Chocolate is a favorite of many children, often associated with holidays, birthdays and other celebrations. Chocolate products often contain numerous ingredients, some of which may be beneficial, but many of which can trigger a negative reaction or intolerance. Food intolerance and allergies are common in children and can be misdiagnosed as other conditions and diseases. If you notice symptoms in your child after she eats chocolate or other foods, consult your doctor, nutritionist or allergy specialist about possible causes and solutions.
Intolerance to certain foods is very common among children and remains relatively common into adulthood. Food intolerance is similar to food allergies, with the difference often being in degree of symptoms. Intolerance often produces less severe symptoms than allergic reactions. Consequently, food intolerance is more difficult to diagnose because it can mimic other conditions, such as mild infections, fatigue and indigestion. Diagnosing food intolerance is further complicated by the fact that children have difficulty with describing symptoms and communicating their discomfort.
Issues with Chocolate
Intolerance to chocolate is especially common among children because chocolate products often contain a variety of ingredients that trigger gastrointestinal problems and low-grade allergic reactions. Common ingredients in chocolate products include cocoa, sugar, milk, gluten, caffeine, nuts, food coloring and other additives. Consequently, it may not be the cocoa in chocolate that is causing your child issues; rather, it may be the fungi or toxins associated with nuts, or an intolerance of dairy products, according to the book “Contemporary Nutrition: Functional Approach.” Furthermore, it’s possible your child is intolerant to more than one ingredient. Caffeine and high-fructose corn syrup also commonly produce symptoms in children.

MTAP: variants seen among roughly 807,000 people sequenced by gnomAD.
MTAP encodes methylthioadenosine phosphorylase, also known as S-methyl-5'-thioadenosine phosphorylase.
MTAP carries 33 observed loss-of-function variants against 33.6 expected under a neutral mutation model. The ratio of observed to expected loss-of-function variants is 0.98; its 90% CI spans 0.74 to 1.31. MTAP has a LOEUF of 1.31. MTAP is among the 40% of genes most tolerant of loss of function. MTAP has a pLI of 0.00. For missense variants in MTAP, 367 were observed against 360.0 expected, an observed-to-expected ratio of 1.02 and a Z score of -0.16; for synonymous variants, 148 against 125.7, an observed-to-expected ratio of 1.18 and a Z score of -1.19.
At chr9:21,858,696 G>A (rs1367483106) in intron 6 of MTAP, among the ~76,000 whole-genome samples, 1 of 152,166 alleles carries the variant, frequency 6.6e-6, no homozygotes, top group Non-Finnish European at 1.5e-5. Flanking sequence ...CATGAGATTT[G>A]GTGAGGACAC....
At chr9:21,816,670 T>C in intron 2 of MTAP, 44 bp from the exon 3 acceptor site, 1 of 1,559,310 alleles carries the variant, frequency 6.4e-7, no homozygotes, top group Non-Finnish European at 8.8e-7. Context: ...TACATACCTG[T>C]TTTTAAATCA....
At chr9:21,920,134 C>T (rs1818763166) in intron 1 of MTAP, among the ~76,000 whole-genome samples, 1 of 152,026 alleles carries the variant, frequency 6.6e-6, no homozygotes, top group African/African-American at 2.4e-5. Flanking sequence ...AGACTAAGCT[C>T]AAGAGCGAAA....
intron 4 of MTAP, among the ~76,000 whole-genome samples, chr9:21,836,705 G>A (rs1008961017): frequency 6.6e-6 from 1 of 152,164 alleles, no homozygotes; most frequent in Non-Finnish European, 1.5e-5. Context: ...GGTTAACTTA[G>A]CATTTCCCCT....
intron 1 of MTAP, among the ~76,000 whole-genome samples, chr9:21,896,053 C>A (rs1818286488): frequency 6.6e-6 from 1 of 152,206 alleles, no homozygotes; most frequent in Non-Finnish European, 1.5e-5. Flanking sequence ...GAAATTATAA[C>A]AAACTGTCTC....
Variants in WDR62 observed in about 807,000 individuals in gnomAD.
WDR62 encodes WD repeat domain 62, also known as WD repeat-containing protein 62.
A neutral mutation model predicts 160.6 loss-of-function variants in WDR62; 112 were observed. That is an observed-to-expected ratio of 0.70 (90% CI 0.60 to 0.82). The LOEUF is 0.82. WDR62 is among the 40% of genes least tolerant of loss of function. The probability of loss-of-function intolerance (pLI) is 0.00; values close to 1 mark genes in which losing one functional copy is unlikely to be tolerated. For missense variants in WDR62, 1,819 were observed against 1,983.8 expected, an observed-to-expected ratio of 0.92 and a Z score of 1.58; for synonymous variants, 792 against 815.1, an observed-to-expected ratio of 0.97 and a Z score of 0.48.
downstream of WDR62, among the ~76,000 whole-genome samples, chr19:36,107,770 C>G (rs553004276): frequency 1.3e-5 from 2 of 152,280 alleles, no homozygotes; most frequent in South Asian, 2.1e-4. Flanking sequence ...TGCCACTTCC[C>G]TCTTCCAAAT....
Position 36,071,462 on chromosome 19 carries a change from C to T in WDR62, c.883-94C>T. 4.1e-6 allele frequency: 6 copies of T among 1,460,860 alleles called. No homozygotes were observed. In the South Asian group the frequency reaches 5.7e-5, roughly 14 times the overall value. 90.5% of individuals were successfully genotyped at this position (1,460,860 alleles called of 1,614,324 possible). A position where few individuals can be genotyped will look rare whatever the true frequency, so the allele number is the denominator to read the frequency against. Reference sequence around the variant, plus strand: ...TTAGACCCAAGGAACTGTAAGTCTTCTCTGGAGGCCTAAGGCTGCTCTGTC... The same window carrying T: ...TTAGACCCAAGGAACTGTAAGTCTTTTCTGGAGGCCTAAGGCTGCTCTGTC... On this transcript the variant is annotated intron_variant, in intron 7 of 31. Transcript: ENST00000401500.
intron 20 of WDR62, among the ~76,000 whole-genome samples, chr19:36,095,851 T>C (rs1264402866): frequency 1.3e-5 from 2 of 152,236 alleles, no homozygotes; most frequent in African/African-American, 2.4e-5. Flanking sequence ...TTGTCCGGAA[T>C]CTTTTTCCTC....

Symptoms of Food Intolerance
Symptoms of chocolate intolerance range from mild to severe, depending on the ingredients involved. Mild symptoms include skin rash, gastrointestinal upset, nausea, flatulence, fatigue, headache, coughing and running nose, according to the book “Public Health Nutrition.” More serious symptoms include hives, respiratory distress, dizziness, burning sensation in the throat, swelling in the mouth and around the face, anxiety, behavioral problems, vomiting and diarrhea. If you child seems confused or disoriented or has difficulty breathing, seek medical attention immediately.
Understanding which component of chocolate is causing your child distress is important and can be accomplished with allergy testing. If nuts are the problem, for example, buy chocolate that is nut-free and not made alongside products containing nuts. If dairy is the problem, buy dark chocolate with a high percentage of cocoa. If cocoa is the problem, then consider other sweet treats made with honey, stevia or other natural sweeteners. In general, the darker the chocolate, the more cocoa powder it contains.
- Contemporary Nutrition: Functional Approach; Gordon M. Wardlaw, et al.
- Public Health Nutrition: From Principles to Practice; Mark Lawrence and Tony Worsley